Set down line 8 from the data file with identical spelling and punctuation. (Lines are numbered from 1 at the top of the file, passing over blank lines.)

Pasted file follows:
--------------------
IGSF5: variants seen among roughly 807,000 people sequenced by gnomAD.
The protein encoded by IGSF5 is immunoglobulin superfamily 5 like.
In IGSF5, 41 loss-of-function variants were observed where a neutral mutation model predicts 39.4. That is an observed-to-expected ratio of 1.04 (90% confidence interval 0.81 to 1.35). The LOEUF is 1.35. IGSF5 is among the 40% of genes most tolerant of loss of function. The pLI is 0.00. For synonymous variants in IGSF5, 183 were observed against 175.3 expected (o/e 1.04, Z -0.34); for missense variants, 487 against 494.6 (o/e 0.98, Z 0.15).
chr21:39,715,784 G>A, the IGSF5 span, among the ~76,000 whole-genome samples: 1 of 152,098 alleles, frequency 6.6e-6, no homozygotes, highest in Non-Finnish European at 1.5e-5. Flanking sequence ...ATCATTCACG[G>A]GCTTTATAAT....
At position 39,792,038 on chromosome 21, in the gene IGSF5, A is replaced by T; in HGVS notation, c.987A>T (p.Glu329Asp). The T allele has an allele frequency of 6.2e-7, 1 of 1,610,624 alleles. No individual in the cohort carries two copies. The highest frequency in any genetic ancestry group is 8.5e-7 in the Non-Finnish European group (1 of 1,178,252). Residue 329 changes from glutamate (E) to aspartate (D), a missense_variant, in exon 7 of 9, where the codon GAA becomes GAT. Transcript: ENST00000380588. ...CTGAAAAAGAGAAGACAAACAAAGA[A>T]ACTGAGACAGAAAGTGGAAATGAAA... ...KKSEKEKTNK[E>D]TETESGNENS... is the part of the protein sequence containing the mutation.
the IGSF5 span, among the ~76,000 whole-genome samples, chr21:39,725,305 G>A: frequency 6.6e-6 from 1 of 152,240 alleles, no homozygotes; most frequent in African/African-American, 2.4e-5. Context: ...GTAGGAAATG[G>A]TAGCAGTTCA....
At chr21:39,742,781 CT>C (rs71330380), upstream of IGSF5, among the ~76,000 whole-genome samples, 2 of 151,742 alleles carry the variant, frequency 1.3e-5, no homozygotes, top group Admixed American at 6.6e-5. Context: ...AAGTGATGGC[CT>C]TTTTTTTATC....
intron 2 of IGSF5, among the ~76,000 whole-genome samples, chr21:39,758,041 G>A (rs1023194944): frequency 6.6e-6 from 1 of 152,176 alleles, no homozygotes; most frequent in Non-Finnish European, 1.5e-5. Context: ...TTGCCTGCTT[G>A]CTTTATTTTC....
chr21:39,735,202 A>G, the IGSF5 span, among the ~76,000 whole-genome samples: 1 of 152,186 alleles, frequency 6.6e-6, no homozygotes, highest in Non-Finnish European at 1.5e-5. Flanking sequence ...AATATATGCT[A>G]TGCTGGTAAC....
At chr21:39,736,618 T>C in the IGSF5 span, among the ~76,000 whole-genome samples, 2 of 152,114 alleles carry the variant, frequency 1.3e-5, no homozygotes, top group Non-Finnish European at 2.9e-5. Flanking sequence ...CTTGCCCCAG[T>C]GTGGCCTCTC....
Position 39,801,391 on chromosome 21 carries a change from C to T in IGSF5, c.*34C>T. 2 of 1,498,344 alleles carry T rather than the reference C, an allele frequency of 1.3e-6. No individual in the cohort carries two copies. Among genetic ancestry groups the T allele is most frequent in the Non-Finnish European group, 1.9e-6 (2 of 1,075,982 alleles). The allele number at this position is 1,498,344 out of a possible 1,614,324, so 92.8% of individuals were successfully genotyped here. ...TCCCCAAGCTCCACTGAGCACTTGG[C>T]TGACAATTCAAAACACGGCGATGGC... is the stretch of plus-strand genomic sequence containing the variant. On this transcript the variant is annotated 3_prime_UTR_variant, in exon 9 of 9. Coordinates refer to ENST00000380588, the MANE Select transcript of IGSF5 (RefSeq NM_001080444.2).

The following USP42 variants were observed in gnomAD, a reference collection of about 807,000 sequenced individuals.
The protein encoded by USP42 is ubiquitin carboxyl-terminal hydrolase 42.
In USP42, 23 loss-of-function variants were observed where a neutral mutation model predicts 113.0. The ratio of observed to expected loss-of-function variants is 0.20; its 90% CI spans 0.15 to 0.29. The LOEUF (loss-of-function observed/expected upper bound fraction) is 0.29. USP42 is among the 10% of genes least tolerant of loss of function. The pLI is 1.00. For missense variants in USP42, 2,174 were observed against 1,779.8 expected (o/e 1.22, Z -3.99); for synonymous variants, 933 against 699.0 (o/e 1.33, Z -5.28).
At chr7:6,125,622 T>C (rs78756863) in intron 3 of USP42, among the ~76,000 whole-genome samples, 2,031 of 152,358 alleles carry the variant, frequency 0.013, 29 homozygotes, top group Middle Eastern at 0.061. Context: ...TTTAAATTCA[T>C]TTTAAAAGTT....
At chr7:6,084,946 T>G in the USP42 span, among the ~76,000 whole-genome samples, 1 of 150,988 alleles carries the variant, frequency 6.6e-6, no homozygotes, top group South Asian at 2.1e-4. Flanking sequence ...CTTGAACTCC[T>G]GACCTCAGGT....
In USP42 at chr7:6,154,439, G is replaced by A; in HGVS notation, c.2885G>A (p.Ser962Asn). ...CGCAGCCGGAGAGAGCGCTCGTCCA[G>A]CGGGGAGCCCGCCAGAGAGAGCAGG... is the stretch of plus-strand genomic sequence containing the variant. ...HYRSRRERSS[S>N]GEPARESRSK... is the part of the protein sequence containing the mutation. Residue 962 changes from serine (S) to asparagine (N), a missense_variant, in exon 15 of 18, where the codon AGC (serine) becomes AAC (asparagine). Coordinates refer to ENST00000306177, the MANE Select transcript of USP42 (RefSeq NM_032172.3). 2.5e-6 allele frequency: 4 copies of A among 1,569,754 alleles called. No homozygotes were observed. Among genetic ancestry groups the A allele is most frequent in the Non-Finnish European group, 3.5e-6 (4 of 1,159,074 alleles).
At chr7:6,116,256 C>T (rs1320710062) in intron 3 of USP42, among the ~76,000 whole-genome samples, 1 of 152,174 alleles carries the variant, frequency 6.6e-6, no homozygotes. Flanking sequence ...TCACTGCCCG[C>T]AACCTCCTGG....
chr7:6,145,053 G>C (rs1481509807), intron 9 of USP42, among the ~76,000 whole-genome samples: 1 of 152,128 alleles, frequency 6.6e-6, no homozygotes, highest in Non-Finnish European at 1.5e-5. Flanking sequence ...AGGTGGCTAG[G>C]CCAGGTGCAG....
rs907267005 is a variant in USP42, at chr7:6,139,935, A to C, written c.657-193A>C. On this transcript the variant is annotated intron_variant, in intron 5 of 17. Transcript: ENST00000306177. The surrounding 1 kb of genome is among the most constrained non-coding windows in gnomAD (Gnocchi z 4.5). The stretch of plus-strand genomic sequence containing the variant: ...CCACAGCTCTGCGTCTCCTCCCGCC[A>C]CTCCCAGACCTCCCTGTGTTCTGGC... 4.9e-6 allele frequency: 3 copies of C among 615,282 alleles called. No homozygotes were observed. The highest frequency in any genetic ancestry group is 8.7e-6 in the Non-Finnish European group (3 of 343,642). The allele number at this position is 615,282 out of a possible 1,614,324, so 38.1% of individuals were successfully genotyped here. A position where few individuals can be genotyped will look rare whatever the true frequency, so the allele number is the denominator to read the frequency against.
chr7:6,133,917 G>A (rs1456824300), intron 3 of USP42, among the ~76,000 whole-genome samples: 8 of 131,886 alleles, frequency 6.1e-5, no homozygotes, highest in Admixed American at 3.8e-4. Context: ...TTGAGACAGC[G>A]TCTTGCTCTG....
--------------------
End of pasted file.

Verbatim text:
intron 2 of IGSF5, among the ~76,000 whole-genome samples, chr21:39,758,041 G>A (rs1023194944): frequency 6.6e-6 from 1 of 152,176 alleles, no homozygotes; most frequent in Non-Finnish European, 1.5e-5. Context: ...TTGCCTGCTT[G>A]CTTTATTTTC....